Arrangement And Care Of The Kitchen
( Originally Published 1918 )
In arranging the kitchen, the three things of most importance are the stove, the sink, and the kitchen table. If there is no sink in the kitchen, there will he some other place arranged for washing the dishes, probably the kitchen table, and this must he taken into consideration when the furniture is placed. As most of the work is done at the stove and the table, both these must be placed where they will have a good light, and they should be close to each other, so that but few steps are necessary for the worker.
In furnishing the kitchen, the housekeeper will find a high -stool very useful, as it will enable her to wash dishes, prepare vegetables, and do other work while seated.
All the furniture should he kept so clean and free from dust that the kitchen will have a neat and attractive appearance, A vase of flowers or a potted plant, and a washable table-cover to be used after the dishes have been put away, will help to make this room a pleasant place for the family. Special attention should he given to the ventilation.
The kitchen should he thoroughly cleaned after each meal. If it has become dusty or disarranged. it should he put in order before the next meal is to be prepared. While the cooking is under way, everything should he kept in an orderly condition. As soon as the meal is completed. the left-over food should he covered and put away the scraps and waste material should he gathered and disposed of; and the dishes, pots, and pans should he scraped, and washed in hot, soapy water, then rinsed in clear, hot water, dried, and put away. The table should he scrubbed, the stove cleaned the floor swept and scrubbed whenever necessary, and everything put neatly in its place.
Care of the coal or wood range.-All spots should be removed from the range by wiping it with old paper. If it is in bad condition, it should be washed with soap and water. If it is oiled occasionally. blacking will not be necessary ; but if blacking is used. it should be applied with a cloth and rubbed to a polish with a brush, just a, the fire is being started. The a-hes and soot flues back of the oven and underneath it should be cleaned out once a week.
Directions for building a fire.—To build and care for a fire in the coal or wood range, close all the dampers, clean tile grate, and remove the ashes from the pan. Put on the covers and brush the dust off the stove. Open the creative damper and the oven damper, leaving the cheek damper closed. Lay some paper, slightly crumpled into rolls, across the base of the grate. Place small pieces of kindling wood across one another, with the large pieces on top. Lay pieces of hardwood or a shovelful of coal on top of the kindling, building so as to admit of the free circulation of air. If the stove i- to be polished. rub it with blacking. Light the paper from below. When the fire begins to burn briskly, add coal or wood: then add more when that kindles. When the fire is well started and blue flame is no longer seen (about ten minutes ). close the oven damper. ('lose the creative damper when the fire is sufficiently hot. Brush the stove and the floor beneath it as soon as the fire is started. Polish the stove. If the fire becomes too hot. open the cheek damper. Fill the tea-kettle with fresh water and set it on the front of the range.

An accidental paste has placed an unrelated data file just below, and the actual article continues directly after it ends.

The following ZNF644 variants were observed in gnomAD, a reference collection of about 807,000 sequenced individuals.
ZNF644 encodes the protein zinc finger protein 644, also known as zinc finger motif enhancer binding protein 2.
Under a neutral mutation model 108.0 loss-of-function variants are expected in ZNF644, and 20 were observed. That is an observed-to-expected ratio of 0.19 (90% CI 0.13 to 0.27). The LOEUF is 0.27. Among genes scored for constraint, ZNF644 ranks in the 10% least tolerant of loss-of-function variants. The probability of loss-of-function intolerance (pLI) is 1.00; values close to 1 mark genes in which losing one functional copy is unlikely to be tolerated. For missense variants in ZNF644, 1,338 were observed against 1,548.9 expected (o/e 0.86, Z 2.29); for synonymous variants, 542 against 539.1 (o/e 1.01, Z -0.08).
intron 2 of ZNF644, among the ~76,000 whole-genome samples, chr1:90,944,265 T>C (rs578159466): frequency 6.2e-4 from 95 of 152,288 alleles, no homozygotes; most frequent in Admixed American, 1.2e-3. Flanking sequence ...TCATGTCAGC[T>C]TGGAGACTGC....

Care of the sink, wash-basin, garbage pail. A neglected sink or garbage pail may be a fruitful source of disease, in addition to attracting waterbugs and other pests. Scraps should never be left in the sink. After washing the dishes it should he thoroughly cleaned, a brush and scouring material being used. The nickel part may be washed with hot soap-suds, wiped dry, and polished. Water should never be left in the wash-basin. Both the soap-dish and the wash-bash should be scoured daily. The garbage pail should be emptied and washed every day, and carefully scalded once or twice a week.
It will be well to have this lesson succeed or follow a cooking lesson, for then the pupils will have a keener interest in the problems of the kitchen.
METHOD OF WORK
Cleanliness and order are the two points to he considered in this lesson. The doing well of each simple household task and the thoughtful arrangement and planning of all parts of the house should be emphasized as being of great importance to the housekeeper's success.
Begin the lesson with a discussion of the purpose of the kitchen; then discuss its arrangement from the stand-point of convenience for the work that must he doue there. Emphasize the importance of having the furniture so arranged that the work may be done quickly and easily, and that the kitchen may be given a comfortable and attractive appearance. Let the pupils arrange the furniture in the school-room. Diseuss and demonstrate the care of the stove by the use of the school stove. Assign each pupil a time when she is to look after the stove on succeeding days and grade her on her work. Let each pupil firing a report from home as to what she is doing to help in the care of the home kitchen. Make a specific assignment for home work.
Household Science in Rural Schools:
Arrangement And Care Of The Kitchen
Care Of Cupboards And Utensils
Care Of Foods
Disposal Of Waste
Setting And Clearing The Table
Waiting On Table
General Cleaning Of A Room
Care Of The Bedroom
Care Of Lamps
Read More Articles About: Household Science in Rural Schools